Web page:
School Violence Act of 2018

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The Students, Teachers, and Officers Preventing School Violence Act of 2018, or STOP School Violence Act is a bill designed to help reduce the amount of school violence through implementing a variety of safety measures. This bill was introduced in the 115th Congress at the end of January this year. While this bill is working to decrease school violence in the United States, it comes right before the Parkland Shooting in Florida that happened in February. It is in direct response to this shooting that this bill started gaining bipartisan support and started its legislative journey.

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This bill proposes a policy to curb violence in our schools through a multilayered system to prevent violence from taking place in schools through identifying threats and preparing for them before something happens. Congressman Goodlatte, the chair of the House Judiciary Committee said, It provides much-needed resources to train students, teachers, and law enforcement officers on how to recognize and quickly respond to warning signs, and provides funding for technology to keep schools safe. Eighty percent of school shooters told someone of their violent plans or exhibited warning signs. It will ensure that students, teachers, and law enforcement will learn how to identify at-risk behaviors, properly assess threats, and intervene appropriately before a tragedy strikes (Goodlatte, 2018). The bill gives $50 million a year in funding for training to lessen student violence in all forms, including training for local police officers, school staff, and students. This prevention training will give students and staff the ability to notice suspicious behavior and respond effectively to warning signs of school violence including active shooter training drills. Part of the $50 million of funding will go towards new equipment and technologies to improve school security to prevent attacks. These include: creating and operating anonymous reporting systems, such as applications on smartphones, hotlines, and websites to report concerning activities. Part of the money may also be used for deterrence systems such as locks, lighting, metal detectors, and new technology to help prevent school violence. The bill provides the communication technology and installation of it for expedient notification systems to law enforcement agencies when an act of school violence is happening. The STOP School Violence Act also contains funding for threat assessment in schools and crisis intervention teams for school personnel to respond to threats before the threat mobilizes itself. Finally, the bill provides funding to support law enforcement coordination efforts and to officers who’re already in the schools (Goodlatte, 2018).

The current policy on the issue is the Omnibus Crime Control and Safe Streets Act of 1968. This is an old and outdated bill that was originally signed by Lyndon Johnson to wiretap, expand the FBI, and do some other things unrelated to school safety. This is what the new STOP School Violence Act is piggy backing on and revising it to keep schools safe. Some shortcomings of current policy are that it does not provide enough funding to run the programs. It allowed for $30 million a year but the new policy uses $50 million to get the job done. There are also not enough anonymous reporting systems in place to help local agencies and the FBI to look into potential threats. We need to make changes because there has been almost as many mass shootings as there are days this year. As of November 8th, the 312th day of this year, there have been 307 mass shootings (Robinson, 2018). School shootings make up a number of these mass shootings that are seemingly occurring almost every day. School is a place where kids should be safe and not be worried about a shooter coming in.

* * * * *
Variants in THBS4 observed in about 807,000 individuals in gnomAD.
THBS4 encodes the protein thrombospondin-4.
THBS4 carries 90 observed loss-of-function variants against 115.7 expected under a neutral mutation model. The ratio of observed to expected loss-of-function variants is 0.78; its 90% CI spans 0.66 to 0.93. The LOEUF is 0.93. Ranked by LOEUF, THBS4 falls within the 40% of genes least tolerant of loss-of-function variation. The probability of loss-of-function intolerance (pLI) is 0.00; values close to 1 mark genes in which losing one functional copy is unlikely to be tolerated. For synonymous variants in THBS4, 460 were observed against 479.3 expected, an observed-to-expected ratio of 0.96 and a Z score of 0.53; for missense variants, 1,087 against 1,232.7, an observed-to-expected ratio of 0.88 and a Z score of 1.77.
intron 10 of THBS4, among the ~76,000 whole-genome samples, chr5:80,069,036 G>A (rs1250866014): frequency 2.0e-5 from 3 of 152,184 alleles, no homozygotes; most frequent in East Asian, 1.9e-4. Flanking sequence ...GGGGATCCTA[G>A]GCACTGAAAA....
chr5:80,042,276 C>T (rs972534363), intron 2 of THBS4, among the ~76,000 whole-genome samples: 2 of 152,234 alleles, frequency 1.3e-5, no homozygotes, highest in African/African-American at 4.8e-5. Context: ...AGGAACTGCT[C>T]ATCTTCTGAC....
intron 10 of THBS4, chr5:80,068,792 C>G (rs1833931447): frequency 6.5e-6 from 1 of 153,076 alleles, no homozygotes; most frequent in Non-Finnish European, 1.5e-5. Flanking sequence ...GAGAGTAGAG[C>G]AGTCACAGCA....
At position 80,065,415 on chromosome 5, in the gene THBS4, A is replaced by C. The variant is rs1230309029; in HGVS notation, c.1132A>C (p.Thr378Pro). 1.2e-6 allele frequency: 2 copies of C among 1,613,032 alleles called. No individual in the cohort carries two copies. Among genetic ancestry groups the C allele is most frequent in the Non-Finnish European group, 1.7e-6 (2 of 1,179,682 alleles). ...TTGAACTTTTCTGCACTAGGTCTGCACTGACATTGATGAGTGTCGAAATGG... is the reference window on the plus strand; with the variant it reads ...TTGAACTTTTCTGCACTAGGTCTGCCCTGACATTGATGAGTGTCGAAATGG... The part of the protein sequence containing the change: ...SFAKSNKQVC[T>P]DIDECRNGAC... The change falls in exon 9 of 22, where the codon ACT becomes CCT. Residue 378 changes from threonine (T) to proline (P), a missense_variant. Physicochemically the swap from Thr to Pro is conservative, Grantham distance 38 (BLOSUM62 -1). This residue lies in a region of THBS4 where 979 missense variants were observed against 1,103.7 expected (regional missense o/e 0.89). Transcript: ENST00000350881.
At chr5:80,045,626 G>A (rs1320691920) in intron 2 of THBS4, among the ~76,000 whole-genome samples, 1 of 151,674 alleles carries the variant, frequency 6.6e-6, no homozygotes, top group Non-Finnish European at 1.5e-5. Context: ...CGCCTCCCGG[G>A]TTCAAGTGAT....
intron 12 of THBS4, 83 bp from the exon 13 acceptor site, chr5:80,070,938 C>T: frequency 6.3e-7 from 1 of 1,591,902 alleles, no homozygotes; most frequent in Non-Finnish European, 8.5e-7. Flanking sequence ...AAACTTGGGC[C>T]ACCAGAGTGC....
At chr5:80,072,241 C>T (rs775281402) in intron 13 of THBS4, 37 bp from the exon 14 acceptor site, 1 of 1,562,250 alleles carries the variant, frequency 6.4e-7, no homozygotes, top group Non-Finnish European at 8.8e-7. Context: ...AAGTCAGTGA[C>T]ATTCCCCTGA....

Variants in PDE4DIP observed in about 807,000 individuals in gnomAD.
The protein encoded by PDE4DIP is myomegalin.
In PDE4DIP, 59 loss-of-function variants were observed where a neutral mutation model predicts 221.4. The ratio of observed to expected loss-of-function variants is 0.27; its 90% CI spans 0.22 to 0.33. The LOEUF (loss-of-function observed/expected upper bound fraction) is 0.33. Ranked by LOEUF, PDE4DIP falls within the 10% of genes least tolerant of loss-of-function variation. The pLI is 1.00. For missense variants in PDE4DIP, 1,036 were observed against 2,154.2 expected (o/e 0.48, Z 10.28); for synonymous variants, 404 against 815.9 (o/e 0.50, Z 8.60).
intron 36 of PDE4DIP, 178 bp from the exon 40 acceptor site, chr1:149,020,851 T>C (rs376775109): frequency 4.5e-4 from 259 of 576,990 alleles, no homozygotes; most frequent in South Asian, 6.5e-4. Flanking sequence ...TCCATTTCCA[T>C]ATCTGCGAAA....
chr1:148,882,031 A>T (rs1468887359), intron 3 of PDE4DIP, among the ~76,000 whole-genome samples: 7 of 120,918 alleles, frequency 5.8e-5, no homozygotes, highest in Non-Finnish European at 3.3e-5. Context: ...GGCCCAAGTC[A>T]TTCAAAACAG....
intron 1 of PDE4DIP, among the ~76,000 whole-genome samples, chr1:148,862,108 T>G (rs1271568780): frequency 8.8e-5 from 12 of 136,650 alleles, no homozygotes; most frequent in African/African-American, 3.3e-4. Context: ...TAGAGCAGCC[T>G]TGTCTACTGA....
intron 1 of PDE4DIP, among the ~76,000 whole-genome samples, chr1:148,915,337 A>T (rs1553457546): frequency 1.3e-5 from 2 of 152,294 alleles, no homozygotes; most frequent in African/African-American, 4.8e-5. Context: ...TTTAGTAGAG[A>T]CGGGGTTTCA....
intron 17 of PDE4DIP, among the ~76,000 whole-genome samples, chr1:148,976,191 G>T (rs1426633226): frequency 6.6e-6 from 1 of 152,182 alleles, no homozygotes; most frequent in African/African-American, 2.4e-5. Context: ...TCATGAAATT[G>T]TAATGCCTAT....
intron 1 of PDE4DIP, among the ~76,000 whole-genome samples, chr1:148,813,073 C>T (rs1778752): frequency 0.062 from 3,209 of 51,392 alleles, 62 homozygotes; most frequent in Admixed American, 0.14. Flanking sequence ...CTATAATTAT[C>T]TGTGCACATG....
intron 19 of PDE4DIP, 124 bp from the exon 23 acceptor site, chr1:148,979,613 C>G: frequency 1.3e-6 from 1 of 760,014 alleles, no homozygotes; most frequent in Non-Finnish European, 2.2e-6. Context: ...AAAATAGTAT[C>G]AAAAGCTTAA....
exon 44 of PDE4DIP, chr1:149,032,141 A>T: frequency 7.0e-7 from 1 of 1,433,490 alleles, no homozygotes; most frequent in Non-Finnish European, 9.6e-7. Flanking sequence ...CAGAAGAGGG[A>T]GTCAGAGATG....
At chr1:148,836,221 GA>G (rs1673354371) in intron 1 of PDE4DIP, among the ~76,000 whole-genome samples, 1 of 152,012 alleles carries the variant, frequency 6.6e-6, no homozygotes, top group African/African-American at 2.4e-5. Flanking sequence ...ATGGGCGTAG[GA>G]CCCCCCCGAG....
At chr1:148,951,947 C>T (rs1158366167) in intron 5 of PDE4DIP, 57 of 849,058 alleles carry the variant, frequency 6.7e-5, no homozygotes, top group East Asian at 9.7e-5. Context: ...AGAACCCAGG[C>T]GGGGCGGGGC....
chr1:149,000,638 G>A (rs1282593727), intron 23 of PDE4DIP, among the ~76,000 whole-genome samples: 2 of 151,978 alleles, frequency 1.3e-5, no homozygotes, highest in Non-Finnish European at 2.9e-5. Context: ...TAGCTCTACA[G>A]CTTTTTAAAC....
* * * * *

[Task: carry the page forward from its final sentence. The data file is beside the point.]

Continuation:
The STOP School Violence Act amends the Omnibus Crime Control and Safe Streets Act of 1968. It will increase the amount of funding for programs in the Act from $30 million a year to $50 million a year. This funding will come from the Secure Our Schools Grant Program and be allowed through 2028. It will help schools make threat assessment systems created by the FBI to try to stop violent acts before they happen, create anonymous reporting systems to the police, and using new and innovative technologies and more personnel to help keep the schools safe (Rifkin, 2018).

There are measures to protect schools that have been implemented all over the place. It is hard to know whether or not a protection program works unless the school has been attacked and at that point, whatever they were doing had not worked to prevent the incident. At the Parkland shooting in Florida, there was an armed resource officer at the school that was not able to prevent the shooting from happening or stop it once it started. There are some schools in the state of Washington where they have implemented metal detectors and they have not had any school shootings at those schools. However, this is not sufficient evidence to say that metal detectors would deter attacks all over the country.

One drawback of the policy proposal is that it is a pretty large expenditure at $50 million a year. A drawback for more left leaning supporters is that it does not include more radical gun control. A drawback for right leaning supporters is that it doesn’t have the more radical proposal of arming teachers or hiring ex-military and law enforcement to stand as armed guards at the gates of the school. Some oppose the bill because they think that this bill is somewhat lip service and does not really fix the major underlying issue of more gun control. Even though some opposition think this, they still voted to pass this bill because they are in support of keeping schools safer. This bill only had 10 opposers that voted no in the House. All of these different measures have the goal of school safety, but some feel that the way to really make schools more safe is through gun control as well as these other measures.

This bill was introduced in a Republican led House and Senate with both chambers having a pretty strong majority of Republicans. However, this is quite a moderate proposal considering the contents of the bill, as well as looking at the support that it has received. This bill is sponsored by John Rutherford, a Republican from the 4th district in Florida. Rutherford previously served as a police officer before serving as a senator. This helps build rapport with his fellow Congressmen to gain support for the STOP School Violence Act. This bill has 100 bi-partisan cosponsors, 36 Democrats and 64 Republicans. This shows that this bill is pretty moderate in its contents, and has a large amount of bipartisan support in the House. This is why it flew through the House with nearly zero opposition.